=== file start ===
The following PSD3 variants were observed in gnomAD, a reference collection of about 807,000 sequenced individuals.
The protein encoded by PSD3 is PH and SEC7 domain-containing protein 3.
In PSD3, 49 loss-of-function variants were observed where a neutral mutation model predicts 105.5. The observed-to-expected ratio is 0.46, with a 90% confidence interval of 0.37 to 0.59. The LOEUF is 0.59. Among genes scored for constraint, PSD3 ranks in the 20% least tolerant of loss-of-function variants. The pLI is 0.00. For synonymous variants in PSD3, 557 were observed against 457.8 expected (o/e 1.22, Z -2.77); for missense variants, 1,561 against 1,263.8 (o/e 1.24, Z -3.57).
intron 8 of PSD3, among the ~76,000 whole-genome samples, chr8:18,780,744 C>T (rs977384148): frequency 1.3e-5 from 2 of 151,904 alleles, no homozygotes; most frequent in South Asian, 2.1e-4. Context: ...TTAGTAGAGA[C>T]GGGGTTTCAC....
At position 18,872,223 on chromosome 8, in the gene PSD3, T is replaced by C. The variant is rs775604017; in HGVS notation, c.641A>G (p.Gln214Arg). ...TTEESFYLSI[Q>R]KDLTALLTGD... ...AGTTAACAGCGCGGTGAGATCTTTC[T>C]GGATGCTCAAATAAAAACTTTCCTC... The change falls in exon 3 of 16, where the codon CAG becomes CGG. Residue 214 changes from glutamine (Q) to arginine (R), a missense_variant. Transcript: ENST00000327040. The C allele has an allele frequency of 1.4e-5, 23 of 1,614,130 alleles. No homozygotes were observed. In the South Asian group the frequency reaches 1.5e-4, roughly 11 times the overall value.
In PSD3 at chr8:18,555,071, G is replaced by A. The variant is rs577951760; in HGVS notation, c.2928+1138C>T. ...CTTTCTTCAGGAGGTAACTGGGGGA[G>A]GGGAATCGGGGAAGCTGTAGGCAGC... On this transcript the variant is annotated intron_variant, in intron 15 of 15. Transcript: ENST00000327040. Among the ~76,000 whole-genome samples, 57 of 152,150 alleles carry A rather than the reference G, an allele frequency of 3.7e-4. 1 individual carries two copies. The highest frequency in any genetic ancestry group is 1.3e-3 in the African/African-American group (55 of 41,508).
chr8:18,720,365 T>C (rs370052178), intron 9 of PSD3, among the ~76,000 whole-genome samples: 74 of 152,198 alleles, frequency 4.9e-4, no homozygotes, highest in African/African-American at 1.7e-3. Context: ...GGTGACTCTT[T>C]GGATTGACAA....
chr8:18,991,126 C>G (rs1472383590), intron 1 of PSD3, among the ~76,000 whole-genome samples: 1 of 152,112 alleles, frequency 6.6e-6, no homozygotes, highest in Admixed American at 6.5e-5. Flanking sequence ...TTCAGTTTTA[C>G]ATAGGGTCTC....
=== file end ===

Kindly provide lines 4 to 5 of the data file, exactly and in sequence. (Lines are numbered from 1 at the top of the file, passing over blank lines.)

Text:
intron 8 of PSD3, among the ~76,000 whole-genome samples, chr8:18,780,744 C>T (rs977384148): frequency 1.3e-5 from 2 of 151,904 alleles, no homozygotes; most frequent in South Asian, 2.1e-4. Context: ...TTAGTAGAGA[C>T]GGGGTTTCAC....
At position 18,872,223 on chromosome 8, in the gene PSD3, T is replaced by C. The variant is rs775604017; in HGVS notation, c.641A>G (p.Gln214Arg). ...TTEESFYLSI[Q>R]KDLTALLTGD... ...AGTTAACAGCGCGGTGAGATCTTTC[T>C]GGATGCTCAAATAAAAACTTTCCTC... The change falls in exon 3 of 16, where the codon CAG becomes CGG. Residue 214 changes from glutamine (Q) to arginine (R), a missense_variant. Transcript: ENST00000327040. The C allele has an allele frequency of 1.4e-5, 23 of 1,614,130 alleles. No homozygotes were observed. In the South Asian group the frequency reaches 1.5e-4, roughly 11 times the overall value.